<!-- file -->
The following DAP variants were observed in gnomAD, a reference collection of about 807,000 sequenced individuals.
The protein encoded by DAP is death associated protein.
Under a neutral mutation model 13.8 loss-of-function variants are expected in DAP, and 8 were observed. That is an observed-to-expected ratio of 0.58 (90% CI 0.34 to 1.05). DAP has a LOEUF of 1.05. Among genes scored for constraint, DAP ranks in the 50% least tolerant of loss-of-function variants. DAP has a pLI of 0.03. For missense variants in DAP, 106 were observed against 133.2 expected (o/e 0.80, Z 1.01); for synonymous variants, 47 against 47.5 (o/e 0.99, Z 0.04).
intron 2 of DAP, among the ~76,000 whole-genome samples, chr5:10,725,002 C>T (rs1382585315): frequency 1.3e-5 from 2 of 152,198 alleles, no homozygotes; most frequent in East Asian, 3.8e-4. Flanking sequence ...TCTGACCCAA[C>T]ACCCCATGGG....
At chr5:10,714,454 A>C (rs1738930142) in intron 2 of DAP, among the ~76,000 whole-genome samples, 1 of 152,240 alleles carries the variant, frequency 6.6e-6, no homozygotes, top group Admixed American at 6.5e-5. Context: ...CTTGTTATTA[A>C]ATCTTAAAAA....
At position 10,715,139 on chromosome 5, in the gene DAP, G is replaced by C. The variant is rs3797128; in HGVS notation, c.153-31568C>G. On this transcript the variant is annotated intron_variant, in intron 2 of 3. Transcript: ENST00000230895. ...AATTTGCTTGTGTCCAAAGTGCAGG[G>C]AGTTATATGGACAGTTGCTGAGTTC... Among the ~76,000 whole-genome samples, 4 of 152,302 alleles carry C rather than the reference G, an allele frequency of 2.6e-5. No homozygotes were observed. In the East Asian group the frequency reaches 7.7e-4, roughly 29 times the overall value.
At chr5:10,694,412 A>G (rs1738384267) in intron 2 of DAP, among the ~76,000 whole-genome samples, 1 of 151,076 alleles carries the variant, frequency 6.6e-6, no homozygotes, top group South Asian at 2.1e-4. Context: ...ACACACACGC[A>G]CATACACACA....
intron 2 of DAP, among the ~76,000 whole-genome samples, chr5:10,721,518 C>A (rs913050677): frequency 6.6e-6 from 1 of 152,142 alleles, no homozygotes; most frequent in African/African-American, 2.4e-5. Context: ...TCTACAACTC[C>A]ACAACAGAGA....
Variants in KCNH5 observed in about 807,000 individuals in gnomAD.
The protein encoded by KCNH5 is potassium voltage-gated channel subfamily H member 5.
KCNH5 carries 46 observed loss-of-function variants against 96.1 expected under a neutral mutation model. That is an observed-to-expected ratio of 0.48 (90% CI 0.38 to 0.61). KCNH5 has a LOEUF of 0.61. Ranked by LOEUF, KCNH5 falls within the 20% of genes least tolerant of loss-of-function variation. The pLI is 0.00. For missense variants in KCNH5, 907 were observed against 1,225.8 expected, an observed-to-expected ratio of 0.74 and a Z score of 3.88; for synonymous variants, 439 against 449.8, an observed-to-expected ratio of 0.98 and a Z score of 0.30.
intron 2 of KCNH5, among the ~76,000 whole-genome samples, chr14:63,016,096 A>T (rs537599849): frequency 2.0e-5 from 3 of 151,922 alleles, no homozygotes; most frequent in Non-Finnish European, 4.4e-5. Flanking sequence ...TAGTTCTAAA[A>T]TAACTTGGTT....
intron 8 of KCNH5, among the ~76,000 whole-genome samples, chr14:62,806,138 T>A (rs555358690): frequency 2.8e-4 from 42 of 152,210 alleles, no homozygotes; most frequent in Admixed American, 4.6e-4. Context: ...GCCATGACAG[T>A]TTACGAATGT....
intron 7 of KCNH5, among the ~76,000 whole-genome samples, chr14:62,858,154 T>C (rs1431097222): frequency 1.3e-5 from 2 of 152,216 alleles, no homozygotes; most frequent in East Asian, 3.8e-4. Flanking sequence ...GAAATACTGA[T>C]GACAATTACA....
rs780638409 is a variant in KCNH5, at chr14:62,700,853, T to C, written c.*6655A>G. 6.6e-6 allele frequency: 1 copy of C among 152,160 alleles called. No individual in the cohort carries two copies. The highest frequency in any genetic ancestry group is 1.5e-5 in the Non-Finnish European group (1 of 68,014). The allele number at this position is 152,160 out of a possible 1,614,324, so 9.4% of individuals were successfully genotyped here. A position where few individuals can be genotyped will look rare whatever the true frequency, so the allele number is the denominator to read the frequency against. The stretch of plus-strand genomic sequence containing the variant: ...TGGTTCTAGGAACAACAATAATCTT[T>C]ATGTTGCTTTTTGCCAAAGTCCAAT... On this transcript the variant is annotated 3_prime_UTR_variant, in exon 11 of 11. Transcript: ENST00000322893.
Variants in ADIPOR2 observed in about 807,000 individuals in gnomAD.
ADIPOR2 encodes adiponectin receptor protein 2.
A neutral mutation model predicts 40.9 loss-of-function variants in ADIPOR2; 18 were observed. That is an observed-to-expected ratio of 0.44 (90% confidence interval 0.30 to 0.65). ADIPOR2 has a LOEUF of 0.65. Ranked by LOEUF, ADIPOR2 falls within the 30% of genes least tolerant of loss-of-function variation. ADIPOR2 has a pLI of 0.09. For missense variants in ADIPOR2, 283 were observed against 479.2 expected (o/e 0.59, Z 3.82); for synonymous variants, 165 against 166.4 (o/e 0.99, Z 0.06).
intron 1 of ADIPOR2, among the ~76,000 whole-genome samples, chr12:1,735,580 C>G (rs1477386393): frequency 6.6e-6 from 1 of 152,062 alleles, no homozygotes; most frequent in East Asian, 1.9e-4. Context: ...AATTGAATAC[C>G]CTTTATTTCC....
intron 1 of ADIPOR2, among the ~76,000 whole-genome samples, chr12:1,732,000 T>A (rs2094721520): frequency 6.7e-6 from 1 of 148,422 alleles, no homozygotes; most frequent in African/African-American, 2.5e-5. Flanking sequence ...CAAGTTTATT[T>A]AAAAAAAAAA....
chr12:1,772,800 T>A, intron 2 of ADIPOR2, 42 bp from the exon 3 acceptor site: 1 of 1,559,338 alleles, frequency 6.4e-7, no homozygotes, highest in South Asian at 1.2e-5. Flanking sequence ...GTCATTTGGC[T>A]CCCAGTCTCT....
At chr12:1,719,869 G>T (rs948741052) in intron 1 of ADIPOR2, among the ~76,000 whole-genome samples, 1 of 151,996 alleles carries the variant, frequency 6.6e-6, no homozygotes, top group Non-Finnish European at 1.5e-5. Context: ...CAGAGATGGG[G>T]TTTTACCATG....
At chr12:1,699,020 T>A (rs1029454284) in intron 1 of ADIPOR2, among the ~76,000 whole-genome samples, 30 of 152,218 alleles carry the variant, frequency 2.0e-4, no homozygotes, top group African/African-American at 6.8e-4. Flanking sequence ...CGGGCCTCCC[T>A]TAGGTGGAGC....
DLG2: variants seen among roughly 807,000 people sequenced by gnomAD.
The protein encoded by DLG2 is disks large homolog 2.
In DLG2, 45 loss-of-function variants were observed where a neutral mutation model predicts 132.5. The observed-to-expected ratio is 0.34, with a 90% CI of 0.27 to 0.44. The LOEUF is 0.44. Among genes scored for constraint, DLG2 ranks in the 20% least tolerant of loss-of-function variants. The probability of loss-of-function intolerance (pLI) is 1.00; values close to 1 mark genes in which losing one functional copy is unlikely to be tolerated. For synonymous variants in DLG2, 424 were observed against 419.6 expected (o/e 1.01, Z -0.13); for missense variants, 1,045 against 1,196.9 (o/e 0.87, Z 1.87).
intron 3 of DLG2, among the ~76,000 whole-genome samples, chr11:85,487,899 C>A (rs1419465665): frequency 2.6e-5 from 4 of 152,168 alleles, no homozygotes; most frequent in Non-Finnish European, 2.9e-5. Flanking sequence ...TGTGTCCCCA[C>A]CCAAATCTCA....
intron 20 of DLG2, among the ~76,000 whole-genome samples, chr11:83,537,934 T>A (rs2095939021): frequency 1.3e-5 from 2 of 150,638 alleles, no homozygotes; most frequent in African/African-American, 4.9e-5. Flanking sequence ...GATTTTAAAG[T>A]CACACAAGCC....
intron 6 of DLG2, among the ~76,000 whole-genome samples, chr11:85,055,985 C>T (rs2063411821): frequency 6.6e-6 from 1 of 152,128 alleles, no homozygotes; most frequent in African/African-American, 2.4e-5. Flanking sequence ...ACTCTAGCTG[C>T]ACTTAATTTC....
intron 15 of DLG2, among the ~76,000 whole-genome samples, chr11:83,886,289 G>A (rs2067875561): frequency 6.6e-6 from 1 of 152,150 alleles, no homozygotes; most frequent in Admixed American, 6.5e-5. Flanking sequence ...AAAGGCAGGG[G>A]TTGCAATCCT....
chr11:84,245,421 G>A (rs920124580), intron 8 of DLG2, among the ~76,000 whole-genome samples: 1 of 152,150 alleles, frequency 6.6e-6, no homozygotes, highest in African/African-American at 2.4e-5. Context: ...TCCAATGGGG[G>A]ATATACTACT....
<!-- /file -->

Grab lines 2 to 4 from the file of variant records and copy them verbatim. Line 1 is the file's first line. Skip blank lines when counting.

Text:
The protein encoded by DAP is death associated protein.
Under a neutral mutation model 13.8 loss-of-function variants are expected in DAP, and 8 were observed. That is an observed-to-expected ratio of 0.58 (90% CI 0.34 to 1.05). DAP has a LOEUF of 1.05. Among genes scored for constraint, DAP ranks in the 50% least tolerant of loss-of-function variants. DAP has a pLI of 0.03. For missense variants in DAP, 106 were observed against 133.2 expected (o/e 0.80, Z 1.01); for synonymous variants, 47 against 47.5 (o/e 0.99, Z 0.04).
intron 2 of DAP, among the ~76,000 whole-genome samples, chr5:10,725,002 C>T (rs1382585315): frequency 1.3e-5 from 2 of 152,198 alleles, no homozygotes; most frequent in East Asian, 3.8e-4. Flanking sequence ...TCTGACCCAA[C>T]ACCCCATGGG....